New Pump Can Give Parkinson's Patients A Pill-Free Life

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Bob Hallinan

Executive Producer

Office: (913) 588-7284

Cell: (913)-481-7329


            For decades, the standard treatment for Parkinson’s disease patients has been a medicine called carbidopa/levodopa, taken in a pill, to combat movement disorder symptoms of the disease. But over time, a patient must take the medicine more often during the day to keep the symptoms under control as its effectiveness wears off quicker.

            But a new pump is allowing Parkinson’s patients to go pill-free. It administers the drug in even doses throughout the day. Doctors call it the biggest breakthrough for Parkinson’s patients in 20 years.

            The video includes sound from Dr. Raj Pahwa, director of the Parkinson’s Disease and Movement Disorder Center at The University of Kansas Hospital. He discusses why the pump is a breakthrough, how the medicine works and what causes Parkinson’s disease.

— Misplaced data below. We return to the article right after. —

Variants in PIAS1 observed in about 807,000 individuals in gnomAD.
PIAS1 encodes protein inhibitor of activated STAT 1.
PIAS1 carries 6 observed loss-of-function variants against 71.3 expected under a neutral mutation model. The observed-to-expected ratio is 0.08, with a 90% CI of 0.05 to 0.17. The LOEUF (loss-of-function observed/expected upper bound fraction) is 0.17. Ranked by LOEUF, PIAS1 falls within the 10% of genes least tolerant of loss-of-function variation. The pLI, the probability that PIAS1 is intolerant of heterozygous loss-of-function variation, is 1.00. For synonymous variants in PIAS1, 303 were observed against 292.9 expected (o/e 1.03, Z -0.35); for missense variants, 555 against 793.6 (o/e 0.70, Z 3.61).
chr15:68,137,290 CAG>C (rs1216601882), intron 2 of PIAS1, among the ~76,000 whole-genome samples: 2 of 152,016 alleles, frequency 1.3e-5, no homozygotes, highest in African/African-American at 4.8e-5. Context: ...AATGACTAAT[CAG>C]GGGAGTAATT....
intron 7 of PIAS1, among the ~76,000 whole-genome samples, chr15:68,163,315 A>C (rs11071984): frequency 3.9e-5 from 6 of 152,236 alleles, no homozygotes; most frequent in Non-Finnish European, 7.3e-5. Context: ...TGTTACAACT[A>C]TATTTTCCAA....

Also included is sound from the third patient in the country to receive the new pump, Frankie Sumners from Westmoreland, Kansas. She talks about when she first noticed Parkinson’s symptoms, the problems with the standard medication, what the pump has done for her, and how she feels about being the third person in the country to get the pump.

 Video also includes close up shots of the pump, an office visit with the patient and Dr. Pahwa and operating room video of tubing for the pump being implanted.